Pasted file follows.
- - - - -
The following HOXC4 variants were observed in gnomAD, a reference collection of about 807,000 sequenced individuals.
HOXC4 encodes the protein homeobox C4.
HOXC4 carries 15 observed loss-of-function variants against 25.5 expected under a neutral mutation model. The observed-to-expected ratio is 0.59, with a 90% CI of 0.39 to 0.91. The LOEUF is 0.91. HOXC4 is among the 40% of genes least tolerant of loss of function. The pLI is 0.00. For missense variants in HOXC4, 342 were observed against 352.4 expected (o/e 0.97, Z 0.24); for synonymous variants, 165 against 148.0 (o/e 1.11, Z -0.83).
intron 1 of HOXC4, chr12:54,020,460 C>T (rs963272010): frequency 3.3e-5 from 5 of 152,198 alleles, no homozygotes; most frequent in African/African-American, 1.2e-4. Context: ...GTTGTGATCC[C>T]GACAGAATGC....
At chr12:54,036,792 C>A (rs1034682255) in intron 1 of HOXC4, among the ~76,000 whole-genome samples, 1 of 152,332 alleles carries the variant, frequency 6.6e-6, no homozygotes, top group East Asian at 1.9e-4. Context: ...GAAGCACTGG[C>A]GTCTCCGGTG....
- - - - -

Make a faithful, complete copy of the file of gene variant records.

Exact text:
The following HOXC4 variants were observed in gnomAD, a reference collection of about 807,000 sequenced individuals.
HOXC4 encodes the protein homeobox C4.
HOXC4 carries 15 observed loss-of-function variants against 25.5 expected under a neutral mutation model. The observed-to-expected ratio is 0.59, with a 90% CI of 0.39 to 0.91. The LOEUF is 0.91. HOXC4 is among the 40% of genes least tolerant of loss of function. The pLI is 0.00. For missense variants in HOXC4, 342 were observed against 352.4 expected (o/e 0.97, Z 0.24); for synonymous variants, 165 against 148.0 (o/e 1.11, Z -0.83).
intron 1 of HOXC4, chr12:54,020,460 C>T (rs963272010): frequency 3.3e-5 from 5 of 152,198 alleles, no homozygotes; most frequent in African/African-American, 1.2e-4. Context: ...GTTGTGATCC[C>T]GACAGAATGC....
At chr12:54,036,792 C>A (rs1034682255) in intron 1 of HOXC4, among the ~76,000 whole-genome samples, 1 of 152,332 alleles carries the variant, frequency 6.6e-6, no homozygotes, top group East Asian at 1.9e-4. Context: ...GAAGCACTGG[C>A]GTCTCCGGTG....